Category Archives: Beach of the Month

Jasper Beach, Machiasport, Maine, USA; By Joe Kelley

By Joe Kelley, University of Maine

Jasper Beach takes the breath away from a first-time visitor. It is located in remote, “Downeast” Maine, USA, at the end of a 10 km (6 miles) peninsula (Figure 1).

The area is very rural with only a few fishing villages, though in recent years, grand vacation homes have sprung upon on some nearby rocky cliffs. As a measure of its remote nature, the 800 m long gravel beach and much of a nearby forested, rocky peninsula was available for less than $50,000 20 years ago. Fortunately, the town of Machiasport, ME bought the beach as a park, and it is free to visit. So lucky for us all!

Jasper Beach is composed of red-colored gravel. Though not “true” Jasper (a silica-rich stone with some iron in it), the fine-grained red volcanic rock polishes well and the long spit gleams in the morning light (Figure 2).

On its extreme western end an eroding bluff of glacial material provides an obvious source of gravel for the beach (Figure 3).

The stones that fall from the bluff range up to 10 cm in length (5 inches), but many sizes occur together near the source. Waves take the eroded material to the east and progressively break the stones down as they travel. About 500 m away from the bluff, there is enough sand in the upper beach to trap rainwater and permit sand dune plants to live. By the eastern end of the strand, the beach material is a mix of fine gravel and sand.

Jasper Beach has a vertical dimension that is not seen in typical sandy beaches. The tides in the area are up to 4.25 m (14 feet) and the beach extends steeply upward for another 4 m (Figure 4).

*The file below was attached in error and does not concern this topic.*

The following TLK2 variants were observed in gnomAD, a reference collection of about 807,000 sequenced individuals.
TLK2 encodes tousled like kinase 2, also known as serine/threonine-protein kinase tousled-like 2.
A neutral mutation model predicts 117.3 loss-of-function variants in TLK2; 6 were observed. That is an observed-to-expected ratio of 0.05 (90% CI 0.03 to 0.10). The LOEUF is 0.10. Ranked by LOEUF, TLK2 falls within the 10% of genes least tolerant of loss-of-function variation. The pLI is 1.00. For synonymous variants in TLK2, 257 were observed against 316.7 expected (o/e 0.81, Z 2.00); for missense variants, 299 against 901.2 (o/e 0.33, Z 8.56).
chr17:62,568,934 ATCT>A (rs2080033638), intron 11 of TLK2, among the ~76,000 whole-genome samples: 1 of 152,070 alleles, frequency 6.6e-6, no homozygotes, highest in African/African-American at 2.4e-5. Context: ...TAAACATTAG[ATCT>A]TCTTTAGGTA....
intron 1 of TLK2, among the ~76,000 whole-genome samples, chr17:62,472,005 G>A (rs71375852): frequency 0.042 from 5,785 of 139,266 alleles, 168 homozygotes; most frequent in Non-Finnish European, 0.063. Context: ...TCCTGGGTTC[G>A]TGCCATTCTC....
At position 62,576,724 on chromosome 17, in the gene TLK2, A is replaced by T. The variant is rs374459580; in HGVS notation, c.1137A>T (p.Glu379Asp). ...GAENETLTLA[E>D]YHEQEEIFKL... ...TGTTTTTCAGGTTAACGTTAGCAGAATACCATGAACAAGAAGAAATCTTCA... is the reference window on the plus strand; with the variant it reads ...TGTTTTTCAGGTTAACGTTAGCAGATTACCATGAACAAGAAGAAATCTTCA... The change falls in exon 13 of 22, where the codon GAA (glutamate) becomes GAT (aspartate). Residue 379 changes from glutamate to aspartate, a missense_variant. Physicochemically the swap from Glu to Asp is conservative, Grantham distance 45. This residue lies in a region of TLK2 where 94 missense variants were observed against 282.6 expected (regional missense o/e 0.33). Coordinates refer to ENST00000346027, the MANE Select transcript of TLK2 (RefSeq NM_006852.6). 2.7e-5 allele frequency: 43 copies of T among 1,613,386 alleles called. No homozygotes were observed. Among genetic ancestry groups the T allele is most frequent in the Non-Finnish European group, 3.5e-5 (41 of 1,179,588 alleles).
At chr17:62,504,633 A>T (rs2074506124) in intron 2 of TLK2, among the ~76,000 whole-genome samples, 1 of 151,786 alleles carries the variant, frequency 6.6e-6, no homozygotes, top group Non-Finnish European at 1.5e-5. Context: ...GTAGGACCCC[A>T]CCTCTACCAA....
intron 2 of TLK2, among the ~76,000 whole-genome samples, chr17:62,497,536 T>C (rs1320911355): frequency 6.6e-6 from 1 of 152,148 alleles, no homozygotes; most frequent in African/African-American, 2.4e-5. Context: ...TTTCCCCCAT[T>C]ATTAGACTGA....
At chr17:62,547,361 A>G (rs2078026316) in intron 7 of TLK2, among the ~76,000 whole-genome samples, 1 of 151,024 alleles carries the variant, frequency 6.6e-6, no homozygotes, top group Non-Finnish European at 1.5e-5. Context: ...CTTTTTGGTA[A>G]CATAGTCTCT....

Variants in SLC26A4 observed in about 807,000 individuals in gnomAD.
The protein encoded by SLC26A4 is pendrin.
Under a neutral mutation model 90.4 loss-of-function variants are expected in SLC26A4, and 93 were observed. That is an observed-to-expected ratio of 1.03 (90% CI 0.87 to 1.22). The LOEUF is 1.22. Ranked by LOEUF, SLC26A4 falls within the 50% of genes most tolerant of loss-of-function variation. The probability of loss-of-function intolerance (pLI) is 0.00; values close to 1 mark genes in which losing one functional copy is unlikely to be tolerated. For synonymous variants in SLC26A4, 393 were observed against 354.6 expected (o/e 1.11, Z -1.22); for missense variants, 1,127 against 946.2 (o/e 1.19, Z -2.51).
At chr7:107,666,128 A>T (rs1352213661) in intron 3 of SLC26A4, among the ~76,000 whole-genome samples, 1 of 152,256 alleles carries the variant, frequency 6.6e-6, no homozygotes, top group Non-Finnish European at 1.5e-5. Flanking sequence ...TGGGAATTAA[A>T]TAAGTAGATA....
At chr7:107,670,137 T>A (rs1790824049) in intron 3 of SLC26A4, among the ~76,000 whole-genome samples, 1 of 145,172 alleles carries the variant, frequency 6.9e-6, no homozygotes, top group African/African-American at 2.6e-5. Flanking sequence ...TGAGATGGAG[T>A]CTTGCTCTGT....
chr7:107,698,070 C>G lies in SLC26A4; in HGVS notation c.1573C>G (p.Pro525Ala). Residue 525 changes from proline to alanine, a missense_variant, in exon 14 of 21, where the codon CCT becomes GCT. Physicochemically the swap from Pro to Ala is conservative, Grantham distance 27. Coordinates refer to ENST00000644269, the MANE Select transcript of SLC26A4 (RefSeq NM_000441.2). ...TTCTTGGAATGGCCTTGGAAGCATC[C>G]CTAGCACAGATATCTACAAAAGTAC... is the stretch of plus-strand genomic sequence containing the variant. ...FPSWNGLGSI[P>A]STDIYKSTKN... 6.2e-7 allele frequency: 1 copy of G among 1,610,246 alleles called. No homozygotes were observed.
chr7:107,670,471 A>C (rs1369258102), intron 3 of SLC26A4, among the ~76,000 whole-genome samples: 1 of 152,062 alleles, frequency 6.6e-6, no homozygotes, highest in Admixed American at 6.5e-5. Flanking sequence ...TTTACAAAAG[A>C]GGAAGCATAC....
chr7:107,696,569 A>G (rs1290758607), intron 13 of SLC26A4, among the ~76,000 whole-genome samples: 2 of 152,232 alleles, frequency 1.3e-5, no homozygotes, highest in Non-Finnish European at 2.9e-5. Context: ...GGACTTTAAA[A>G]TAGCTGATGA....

This high pile of gravel is eroded by waves in winter storms and several erosional steps, or storm berms, are typically cut into the seaward side of the beach. On the landward edge, gravel thrown up by storms surrounds alder and spruce trees, marking the landward advance of the barrier spit. Rising sea level will continue to drive the beach landward over a salt marsh and lagoon, but here there is so little development that it is of no concern.

Other evidence for rising sea level can be seen on low tide at Jasper Beach. As the ocean has risen and driven the immense pile of gravel landward, the beach has rolled over salt marsh and upland plants. Spruce stumps still rooted in soil and overlain by salt marsh peat are exposed at the lowest part of the beach. Geologists from the University of Maine have radiocarbon-dated these and drilled cores through the nearby lagoon to determine the age of the beach (Figures 5, 6).

For more than 4,000 years, Jasper Beach has protected a salt marsh and maintained a lagoonal ecosystem.

Though remote, there are signs of human activity around Jasper Beach. On nearby Howard Cove Mountain, an abandoned distant early warning (DEW) radar station (Figure 4) reminds us of the Cold War.